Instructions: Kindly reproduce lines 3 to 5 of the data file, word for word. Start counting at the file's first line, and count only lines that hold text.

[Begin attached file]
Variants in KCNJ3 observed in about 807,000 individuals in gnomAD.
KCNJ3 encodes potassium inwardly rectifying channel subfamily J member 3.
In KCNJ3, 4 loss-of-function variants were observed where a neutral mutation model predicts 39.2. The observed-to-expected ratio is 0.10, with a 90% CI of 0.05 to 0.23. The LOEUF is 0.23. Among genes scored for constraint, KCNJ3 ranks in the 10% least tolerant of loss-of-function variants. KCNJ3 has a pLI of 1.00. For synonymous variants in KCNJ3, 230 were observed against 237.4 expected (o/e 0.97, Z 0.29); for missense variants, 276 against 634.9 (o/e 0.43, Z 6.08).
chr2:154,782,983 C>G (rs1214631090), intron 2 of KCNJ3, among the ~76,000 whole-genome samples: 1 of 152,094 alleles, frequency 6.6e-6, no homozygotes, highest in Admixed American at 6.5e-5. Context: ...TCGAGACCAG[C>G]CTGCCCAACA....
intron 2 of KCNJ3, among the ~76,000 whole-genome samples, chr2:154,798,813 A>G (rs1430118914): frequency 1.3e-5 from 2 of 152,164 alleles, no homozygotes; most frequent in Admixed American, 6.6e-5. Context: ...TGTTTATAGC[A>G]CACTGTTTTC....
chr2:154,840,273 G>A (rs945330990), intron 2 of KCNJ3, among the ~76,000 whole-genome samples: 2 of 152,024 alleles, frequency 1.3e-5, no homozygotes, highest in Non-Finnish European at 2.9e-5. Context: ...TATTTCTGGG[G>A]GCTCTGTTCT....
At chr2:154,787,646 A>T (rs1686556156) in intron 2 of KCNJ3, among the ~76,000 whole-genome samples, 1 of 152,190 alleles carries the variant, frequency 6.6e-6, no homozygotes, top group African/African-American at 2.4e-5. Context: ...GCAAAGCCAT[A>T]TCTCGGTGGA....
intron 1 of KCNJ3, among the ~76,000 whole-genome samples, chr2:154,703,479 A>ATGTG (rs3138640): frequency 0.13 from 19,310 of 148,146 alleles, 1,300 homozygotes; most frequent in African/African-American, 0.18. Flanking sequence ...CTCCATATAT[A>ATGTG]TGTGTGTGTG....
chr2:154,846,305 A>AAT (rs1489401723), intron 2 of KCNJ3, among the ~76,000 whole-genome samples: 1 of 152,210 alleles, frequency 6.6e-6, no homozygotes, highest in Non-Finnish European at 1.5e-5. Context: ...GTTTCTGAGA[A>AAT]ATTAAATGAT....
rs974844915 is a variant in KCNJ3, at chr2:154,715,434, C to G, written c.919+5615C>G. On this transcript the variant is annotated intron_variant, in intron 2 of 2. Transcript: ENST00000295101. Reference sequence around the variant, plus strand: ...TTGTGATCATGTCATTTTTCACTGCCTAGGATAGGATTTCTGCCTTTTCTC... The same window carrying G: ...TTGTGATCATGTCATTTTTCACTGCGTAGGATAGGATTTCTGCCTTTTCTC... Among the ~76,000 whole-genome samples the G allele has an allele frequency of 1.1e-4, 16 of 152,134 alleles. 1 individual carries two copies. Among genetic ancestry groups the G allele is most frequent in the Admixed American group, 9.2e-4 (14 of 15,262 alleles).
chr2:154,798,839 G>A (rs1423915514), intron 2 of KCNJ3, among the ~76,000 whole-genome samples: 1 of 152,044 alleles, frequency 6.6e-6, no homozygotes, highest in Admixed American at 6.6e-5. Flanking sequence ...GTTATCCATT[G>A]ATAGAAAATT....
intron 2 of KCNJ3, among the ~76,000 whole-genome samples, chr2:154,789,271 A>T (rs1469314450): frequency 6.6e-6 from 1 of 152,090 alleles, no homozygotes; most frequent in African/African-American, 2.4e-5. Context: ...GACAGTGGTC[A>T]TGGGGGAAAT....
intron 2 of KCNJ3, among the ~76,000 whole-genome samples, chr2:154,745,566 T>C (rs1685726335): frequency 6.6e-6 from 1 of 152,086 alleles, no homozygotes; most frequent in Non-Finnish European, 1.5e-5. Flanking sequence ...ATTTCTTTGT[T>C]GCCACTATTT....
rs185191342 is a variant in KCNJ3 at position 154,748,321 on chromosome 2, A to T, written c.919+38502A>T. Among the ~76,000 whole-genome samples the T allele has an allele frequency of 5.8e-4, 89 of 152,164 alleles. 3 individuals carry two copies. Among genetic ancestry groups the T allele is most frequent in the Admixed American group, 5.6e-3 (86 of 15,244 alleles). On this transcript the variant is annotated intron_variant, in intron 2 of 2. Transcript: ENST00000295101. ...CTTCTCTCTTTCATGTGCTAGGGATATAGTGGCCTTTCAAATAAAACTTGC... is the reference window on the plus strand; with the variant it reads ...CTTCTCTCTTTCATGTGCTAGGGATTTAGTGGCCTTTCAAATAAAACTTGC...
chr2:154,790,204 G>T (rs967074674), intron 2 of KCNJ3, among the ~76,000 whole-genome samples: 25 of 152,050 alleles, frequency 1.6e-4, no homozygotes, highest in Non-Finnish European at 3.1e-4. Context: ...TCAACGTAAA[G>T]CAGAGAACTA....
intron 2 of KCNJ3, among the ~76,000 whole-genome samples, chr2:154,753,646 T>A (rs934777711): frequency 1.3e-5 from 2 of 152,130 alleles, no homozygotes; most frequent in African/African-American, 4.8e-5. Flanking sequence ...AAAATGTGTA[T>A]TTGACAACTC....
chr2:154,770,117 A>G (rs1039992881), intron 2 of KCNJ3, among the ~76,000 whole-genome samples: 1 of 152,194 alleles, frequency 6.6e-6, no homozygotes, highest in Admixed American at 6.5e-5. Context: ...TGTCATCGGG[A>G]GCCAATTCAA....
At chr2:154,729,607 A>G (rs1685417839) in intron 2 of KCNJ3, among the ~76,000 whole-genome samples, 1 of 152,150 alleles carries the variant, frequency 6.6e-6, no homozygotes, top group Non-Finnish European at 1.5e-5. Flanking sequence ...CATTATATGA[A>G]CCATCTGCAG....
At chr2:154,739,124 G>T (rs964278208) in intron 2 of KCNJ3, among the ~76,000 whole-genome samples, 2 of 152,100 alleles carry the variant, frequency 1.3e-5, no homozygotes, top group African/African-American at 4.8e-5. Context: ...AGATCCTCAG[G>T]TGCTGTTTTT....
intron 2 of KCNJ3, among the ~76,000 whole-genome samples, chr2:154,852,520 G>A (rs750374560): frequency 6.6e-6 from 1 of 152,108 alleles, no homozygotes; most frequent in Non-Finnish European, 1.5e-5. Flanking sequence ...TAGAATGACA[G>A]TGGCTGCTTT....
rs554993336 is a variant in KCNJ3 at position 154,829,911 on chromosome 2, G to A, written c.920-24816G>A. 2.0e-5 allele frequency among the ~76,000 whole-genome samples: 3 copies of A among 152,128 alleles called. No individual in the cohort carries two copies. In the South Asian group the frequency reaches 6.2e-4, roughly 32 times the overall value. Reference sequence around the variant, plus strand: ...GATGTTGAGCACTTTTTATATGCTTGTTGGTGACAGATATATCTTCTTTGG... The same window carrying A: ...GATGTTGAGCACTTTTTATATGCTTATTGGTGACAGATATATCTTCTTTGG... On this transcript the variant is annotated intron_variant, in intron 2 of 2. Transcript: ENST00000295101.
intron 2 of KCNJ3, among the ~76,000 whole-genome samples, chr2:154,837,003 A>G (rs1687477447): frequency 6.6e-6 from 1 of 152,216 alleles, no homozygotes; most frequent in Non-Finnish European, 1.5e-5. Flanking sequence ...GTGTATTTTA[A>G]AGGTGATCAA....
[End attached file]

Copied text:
In KCNJ3, 4 loss-of-function variants were observed where a neutral mutation model predicts 39.2. The observed-to-expected ratio is 0.10, with a 90% CI of 0.05 to 0.23. The LOEUF is 0.23. Among genes scored for constraint, KCNJ3 ranks in the 10% least tolerant of loss-of-function variants. KCNJ3 has a pLI of 1.00. For synonymous variants in KCNJ3, 230 were observed against 237.4 expected (o/e 0.97, Z 0.29); for missense variants, 276 against 634.9 (o/e 0.43, Z 6.08).
chr2:154,782,983 C>G (rs1214631090), intron 2 of KCNJ3, among the ~76,000 whole-genome samples: 1 of 152,094 alleles, frequency 6.6e-6, no homozygotes, highest in Admixed American at 6.5e-5. Context: ...TCGAGACCAG[C>G]CTGCCCAACA....
intron 2 of KCNJ3, among the ~76,000 whole-genome samples, chr2:154,798,813 A>G (rs1430118914): frequency 1.3e-5 from 2 of 152,164 alleles, no homozygotes; most frequent in Admixed American, 6.6e-5. Context: ...TGTTTATAGC[A>G]CACTGTTTTC....